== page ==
Precinct Committee Officers
PCO Searchable List
There are 350 Precincts in Clark County. You can find your Republican Precinct Committee Officer below and contact them to get involved, volunteer and/or email them your thoughts and comments. Using the Search Bar, you can enter your Precinct, Legislative District or PCO Name.
PCO Roles & Responsibilities
This document is intended to highlight the roles and responsibilities of a PCO in the Clark County Republican Party. It is not intended to be detailed. Rather it is intended to be the beginning of a journey of education and experience.
What is a PCO?
Precinct Committee Officers (PCOs) are elected officials of the Republican or Democrat party. As a PCO of the Republican Party, you are the primary conduit between voters in your neighborhood and the Republican Party. Becoming active with your local Republican organization will make you a more effective PCO and make a real difference in your precinct. The position of PCO is the most important role in the Republican party grassroots effort. A PCO is the leader of the Republican party in their precinct representing their precinct to the party organization and representing Republican values to people of the precinct. A PCO is responsible for activating as many precinct voters as possible to vote for our candidates up and down the ballot. PCOs are the boots on the ground and to win elections we must have a PCO in each precinct reaching voters, persuading them to vote for our candidates and promoting the Republican party.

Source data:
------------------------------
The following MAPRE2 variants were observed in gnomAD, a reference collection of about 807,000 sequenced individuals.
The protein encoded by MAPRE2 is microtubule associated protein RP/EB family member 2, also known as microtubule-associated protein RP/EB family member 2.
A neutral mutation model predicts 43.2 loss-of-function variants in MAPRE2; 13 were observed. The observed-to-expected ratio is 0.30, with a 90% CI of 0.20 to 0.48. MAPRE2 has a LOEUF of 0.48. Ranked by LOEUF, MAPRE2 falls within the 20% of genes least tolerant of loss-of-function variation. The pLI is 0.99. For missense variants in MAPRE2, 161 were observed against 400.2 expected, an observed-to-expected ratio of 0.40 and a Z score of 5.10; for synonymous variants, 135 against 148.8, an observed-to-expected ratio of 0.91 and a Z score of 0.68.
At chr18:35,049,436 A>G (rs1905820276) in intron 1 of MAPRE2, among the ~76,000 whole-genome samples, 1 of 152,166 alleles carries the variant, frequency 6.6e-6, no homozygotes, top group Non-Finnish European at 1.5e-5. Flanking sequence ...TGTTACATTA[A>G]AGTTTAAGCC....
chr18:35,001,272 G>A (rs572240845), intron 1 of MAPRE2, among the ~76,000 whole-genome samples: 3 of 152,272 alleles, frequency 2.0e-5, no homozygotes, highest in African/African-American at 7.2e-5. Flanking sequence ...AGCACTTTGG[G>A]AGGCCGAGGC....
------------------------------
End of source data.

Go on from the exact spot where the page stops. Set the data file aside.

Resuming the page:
1) By law, requirements to serve as a PCO are a citizen at least 18 years old and registered to vote in the precinct in which they reside.
2) By law, they must declare the political party of the seat they are filing for.
3) They may be elected in even numbered years or appointed to vacant precincts after an bi-annual CCRP Organization meeting by the Chair of the affiliated county party.
What are the roles and tasks of a PCO?
- They share the views of the residents with the political party they are a member of 2. They elect state party representatives and party executives as required by law, such as County Chair/Vice Chair/ State Committeeman, State Committeewoman, County Party Secretary and Legislative District Officers at the organization meeting held in even numbered years.
- They attend legislative district (LD) meetings as well as quarterly central committee (CCRCC) meetings to share information, learn and vote on topics and issues
- They can make nominations for consideration for partisan offices
- They should meet residents of their precinct whenever possible
- They can convey information relating to Republican party positions and platforms 7. They can identify issues the public would like shared with leadership and elected officials 8. They can participate in fundraising, candidate support, and other events intended to help get Republicans elected to offices at the local, state, and national levels
- They can participate in formal organized initiatives and petitions to promote Republican principles into law.